Prime Minister Hun Sen announced on Friday that he will make weekly visits to garment factories across the country to better understand the demands and needs of workers, in what some observers said could be an attempt to appeal to potential voters before next July’s national elections.
A note released after a Council of Ministers meeting on Friday said the premier would start his visits August 20 and would attempt to meet workers every Sunday at garment factories as his schedule permitted.
“When he goes down and meets people he always provides solutions as requested by the people,” said Council of Ministers spokesman Phay Siphan.
The garment industry in the Kingdom employs nearly 1 million workers.
Independent unions have had a contentious relationship with the government when it comes to working conditions, human rights and the minimum wage.
Nonetheless, the monthly minimum wage for garment workers has risen each year, and is currently at $153. The premier’s factory visit announcement comes a few months before the start of tripartite negotiations that will see the government, unions and employer associations voting on how much to increase the wage.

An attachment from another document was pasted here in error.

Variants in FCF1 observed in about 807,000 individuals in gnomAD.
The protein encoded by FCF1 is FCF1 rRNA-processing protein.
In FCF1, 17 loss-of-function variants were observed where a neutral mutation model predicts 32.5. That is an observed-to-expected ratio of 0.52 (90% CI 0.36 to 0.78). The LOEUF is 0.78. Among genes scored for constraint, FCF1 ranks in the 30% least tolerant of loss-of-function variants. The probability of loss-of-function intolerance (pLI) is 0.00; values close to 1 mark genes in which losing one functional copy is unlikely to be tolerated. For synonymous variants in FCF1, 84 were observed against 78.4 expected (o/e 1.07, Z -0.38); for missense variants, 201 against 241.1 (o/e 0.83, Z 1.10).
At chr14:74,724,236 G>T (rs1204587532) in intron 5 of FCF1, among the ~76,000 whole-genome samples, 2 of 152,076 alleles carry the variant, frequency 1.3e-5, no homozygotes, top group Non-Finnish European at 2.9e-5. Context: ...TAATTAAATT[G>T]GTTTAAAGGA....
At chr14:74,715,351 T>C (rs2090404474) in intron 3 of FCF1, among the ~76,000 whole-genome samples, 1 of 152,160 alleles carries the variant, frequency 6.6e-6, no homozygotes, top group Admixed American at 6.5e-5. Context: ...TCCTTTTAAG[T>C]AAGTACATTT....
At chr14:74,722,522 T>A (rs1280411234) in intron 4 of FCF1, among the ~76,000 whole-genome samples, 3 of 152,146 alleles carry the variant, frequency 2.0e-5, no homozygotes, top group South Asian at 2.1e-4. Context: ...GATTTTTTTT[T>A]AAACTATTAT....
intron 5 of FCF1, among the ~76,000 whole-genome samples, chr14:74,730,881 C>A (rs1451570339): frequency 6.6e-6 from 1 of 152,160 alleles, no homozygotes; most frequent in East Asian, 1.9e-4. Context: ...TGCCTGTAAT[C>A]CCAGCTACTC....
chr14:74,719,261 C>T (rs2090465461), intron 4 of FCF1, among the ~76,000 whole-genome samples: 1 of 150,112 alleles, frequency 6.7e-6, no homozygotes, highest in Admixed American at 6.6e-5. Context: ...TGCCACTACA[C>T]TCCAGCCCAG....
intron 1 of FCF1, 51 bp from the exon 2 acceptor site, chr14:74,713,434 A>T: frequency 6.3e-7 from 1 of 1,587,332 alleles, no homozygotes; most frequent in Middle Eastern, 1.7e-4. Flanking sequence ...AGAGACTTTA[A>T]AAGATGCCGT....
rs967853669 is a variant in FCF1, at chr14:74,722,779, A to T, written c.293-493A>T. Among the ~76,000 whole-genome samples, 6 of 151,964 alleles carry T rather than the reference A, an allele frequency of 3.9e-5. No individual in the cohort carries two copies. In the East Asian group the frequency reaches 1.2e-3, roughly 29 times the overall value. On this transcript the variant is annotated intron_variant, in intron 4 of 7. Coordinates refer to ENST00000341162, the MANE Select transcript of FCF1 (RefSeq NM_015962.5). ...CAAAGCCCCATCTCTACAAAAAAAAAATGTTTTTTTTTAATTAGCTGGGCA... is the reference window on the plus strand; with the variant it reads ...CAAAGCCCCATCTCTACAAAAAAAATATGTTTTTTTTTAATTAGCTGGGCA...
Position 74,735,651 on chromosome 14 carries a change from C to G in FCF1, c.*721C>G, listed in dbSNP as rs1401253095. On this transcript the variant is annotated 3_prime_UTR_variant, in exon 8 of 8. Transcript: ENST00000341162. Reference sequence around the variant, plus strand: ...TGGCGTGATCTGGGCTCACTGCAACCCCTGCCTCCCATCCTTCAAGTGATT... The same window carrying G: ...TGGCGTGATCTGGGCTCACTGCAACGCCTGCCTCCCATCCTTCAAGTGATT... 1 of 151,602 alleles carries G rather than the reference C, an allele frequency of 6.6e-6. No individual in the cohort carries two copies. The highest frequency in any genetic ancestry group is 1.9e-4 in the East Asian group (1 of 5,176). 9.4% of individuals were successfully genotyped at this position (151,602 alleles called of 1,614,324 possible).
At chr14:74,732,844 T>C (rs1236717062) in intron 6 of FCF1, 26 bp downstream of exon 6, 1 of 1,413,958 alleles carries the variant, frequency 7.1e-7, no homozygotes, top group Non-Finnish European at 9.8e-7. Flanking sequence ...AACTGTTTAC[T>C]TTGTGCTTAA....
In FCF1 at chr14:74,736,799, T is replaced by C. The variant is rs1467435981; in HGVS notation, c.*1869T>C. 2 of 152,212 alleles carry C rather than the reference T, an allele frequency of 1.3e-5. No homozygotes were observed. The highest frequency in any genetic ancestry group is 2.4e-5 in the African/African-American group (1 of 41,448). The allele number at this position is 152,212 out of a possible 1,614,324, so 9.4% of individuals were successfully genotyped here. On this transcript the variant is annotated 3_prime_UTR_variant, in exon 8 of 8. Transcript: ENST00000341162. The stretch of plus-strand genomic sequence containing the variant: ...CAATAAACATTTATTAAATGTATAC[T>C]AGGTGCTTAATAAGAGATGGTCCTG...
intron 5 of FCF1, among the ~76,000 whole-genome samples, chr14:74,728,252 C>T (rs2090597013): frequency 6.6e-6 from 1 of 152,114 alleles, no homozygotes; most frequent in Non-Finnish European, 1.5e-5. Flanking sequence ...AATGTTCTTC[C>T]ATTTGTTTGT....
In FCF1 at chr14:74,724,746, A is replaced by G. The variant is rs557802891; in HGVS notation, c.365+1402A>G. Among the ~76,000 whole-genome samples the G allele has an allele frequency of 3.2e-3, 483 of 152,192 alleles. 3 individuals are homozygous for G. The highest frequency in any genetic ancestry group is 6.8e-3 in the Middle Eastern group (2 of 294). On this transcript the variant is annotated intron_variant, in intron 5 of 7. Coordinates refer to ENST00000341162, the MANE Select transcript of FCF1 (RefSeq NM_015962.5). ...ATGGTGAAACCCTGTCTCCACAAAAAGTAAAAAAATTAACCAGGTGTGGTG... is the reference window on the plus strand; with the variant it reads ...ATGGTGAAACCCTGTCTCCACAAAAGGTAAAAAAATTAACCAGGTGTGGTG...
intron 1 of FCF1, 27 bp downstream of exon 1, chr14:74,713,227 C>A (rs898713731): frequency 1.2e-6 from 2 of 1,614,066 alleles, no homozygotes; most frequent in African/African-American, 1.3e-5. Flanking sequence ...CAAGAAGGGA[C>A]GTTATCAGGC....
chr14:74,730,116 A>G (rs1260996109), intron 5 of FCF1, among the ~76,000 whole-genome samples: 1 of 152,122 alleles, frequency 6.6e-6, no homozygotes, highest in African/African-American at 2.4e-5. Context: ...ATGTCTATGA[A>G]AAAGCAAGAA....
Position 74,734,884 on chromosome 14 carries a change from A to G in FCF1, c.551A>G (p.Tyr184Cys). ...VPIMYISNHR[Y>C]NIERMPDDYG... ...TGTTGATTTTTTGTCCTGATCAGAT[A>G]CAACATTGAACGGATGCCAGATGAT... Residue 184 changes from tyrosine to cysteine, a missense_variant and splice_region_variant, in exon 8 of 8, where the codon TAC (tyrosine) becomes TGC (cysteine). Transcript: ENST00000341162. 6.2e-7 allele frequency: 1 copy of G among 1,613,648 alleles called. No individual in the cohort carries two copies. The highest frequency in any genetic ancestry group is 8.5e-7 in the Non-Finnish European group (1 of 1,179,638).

According to Siphan, the visits are not necessarily election-related. He pointed to former United States President Barack Obama’s regular meetings with American citizens.
While garment workers don’t work on Sundays, Som Aun, the president of the CPP-aligned Cambodian Labour Union Federation, said workers would still come to meet the prime minister and express their concerns directly to him.
“It’s good that they meet on Sunday because it will not affect their work,” he said.
Unionist Ath Thorn, however, was more sceptical about the premier’s visits, saying that he had shown little concern for workers in the past.
“We never saw the prime minister so interested in the workers before. It is only now near the elections that he is planning to go into the factories,” he said.
He said if the premier was to visit the factories then he should meet workers from independent unions in order to understand issues such as wages, faintings and working conditions, and not only speak to factory officials.
Political analyst Cham Bunteth said he hoped that Hun Sen’s visits were more than mere politicking ahead of a crucial national election.
“He should do it consistently and not just a few months or a year before the elections,” he said.